In two key affirmative action rulings Monday, the U.S. Supreme Court said that achieving racial diversity on college campuses is in society's best interest. This is good news. Broadening access to secondary education for all, and especially historically underrepresented minority students, is one of the best ways to strengthen society, both socially and economically.
However, we had hoped the court would do more to clarify the best way to achieve this goal. Affirmative action has become a polarizing flashpoint for much of America, in academic and business settings. Monday's rulings still leave open the liklihood of further costly litigation as schools seek ways to perfect their admissions standards. The court's rulings said race may be considered, but only up to a point.
The way to achieve that diversity is not through racial quotas, which is what the court said the University of Michigan has been doing with its undergraduate admissions policy. The university uses a point system applied to the applications of minorities and other underrepresented groups that gives them an unfair edge over non-minority candidates. In a 6-3 decision, the court ruled the policy violated the Constitution's Equal Protection Clause.
But in a 5-4 decision, the court affirmed the University of Michigan's law school admissions policy, which does not use a point system, but does consider race and other factors to ensure diversity. Justice Sandra Day O'Connor, writing for the majority, said "Effective participation by members of all racial and ethnic groups in the civic life of our nation is essential if the dream of one nation, indivisible, is to be realized." She's right.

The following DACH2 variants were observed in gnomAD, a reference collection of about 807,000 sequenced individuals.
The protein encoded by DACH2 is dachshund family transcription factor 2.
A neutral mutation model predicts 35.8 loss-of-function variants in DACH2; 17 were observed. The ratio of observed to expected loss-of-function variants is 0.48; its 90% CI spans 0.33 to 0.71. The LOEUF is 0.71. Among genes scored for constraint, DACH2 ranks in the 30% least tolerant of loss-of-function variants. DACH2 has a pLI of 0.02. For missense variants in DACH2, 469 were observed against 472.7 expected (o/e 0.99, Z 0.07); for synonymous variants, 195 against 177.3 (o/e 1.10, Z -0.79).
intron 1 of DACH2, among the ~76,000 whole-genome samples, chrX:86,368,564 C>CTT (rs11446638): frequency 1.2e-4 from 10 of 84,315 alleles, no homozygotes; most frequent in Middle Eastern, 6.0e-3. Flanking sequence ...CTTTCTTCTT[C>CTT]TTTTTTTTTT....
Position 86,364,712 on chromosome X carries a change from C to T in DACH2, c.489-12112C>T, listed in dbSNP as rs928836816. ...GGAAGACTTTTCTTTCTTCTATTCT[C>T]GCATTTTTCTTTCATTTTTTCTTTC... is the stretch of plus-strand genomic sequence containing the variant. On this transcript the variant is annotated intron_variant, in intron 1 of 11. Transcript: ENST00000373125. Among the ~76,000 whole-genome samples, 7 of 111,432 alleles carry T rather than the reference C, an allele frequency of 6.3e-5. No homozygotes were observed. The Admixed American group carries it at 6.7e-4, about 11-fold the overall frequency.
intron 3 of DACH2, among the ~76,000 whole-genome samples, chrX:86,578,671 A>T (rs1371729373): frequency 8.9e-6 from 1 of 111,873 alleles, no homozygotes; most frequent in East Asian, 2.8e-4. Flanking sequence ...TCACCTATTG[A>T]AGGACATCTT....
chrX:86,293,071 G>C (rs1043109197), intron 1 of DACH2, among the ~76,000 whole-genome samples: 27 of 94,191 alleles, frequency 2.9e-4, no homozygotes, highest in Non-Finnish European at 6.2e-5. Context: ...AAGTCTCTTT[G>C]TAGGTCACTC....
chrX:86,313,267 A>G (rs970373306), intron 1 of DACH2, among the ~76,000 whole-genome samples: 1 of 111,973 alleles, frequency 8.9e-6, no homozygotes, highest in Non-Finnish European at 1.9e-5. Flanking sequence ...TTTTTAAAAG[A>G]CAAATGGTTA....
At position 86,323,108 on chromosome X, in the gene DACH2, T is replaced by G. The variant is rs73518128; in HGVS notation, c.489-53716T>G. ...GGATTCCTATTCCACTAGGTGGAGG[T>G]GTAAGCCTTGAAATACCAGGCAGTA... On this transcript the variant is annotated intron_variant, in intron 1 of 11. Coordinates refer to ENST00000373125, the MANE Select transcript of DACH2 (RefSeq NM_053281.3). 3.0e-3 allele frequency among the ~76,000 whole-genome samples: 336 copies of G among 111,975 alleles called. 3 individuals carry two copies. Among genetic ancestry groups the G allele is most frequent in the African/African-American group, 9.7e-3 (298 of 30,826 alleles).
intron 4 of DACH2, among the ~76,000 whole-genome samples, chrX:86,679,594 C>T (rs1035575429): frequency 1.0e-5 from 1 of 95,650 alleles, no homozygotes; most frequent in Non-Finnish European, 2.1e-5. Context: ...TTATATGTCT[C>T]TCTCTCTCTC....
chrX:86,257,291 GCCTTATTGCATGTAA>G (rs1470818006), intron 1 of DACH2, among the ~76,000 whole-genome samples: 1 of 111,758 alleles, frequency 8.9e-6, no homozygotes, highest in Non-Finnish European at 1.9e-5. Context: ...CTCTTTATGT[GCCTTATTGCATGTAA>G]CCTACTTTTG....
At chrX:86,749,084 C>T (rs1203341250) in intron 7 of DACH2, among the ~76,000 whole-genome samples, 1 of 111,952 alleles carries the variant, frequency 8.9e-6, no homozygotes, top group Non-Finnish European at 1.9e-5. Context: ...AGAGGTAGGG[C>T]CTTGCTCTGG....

For years, businesses have who want to compete in a global economy have known they must market themselves to a diverse audience. That means getting a diverse work force as part of their team. On a basic level, public institutions of higher learning may now employ a similar strategy, not through quotas, but through other ways. They may take race into account, but they are likely to also consider such factors as where applicants come from, whether they are first-generation college aspirants, what extra-curricular activities they engage in and a host of other "diverse" factors.
This ruling had been among the most anticipated of the current session. The court had not addressed the issue of affirmative action in 25 years, when it narrowly upheld affirmative action in the 1978 Bakke decision. That case supported affirmative action, but not quotas.
Monday's rulings essentially upheld Bakke, but will allow public universities to develop other strategies to take race into account in their admissions policies. Private schools and other entities will look to the rulings for guidance.
They should not get caught up in divisive "quotas" and "preferences" rhetoric, but consider the issue of fairness as well.
Since Bakke, America has become more multicultural and upwardly mobile. Determining whom to help based exclusively on race is no longer a valid measurement. The Supreme Court has left open the door for universities develop their own strategies to achieve diversity, and that might be a blessing.
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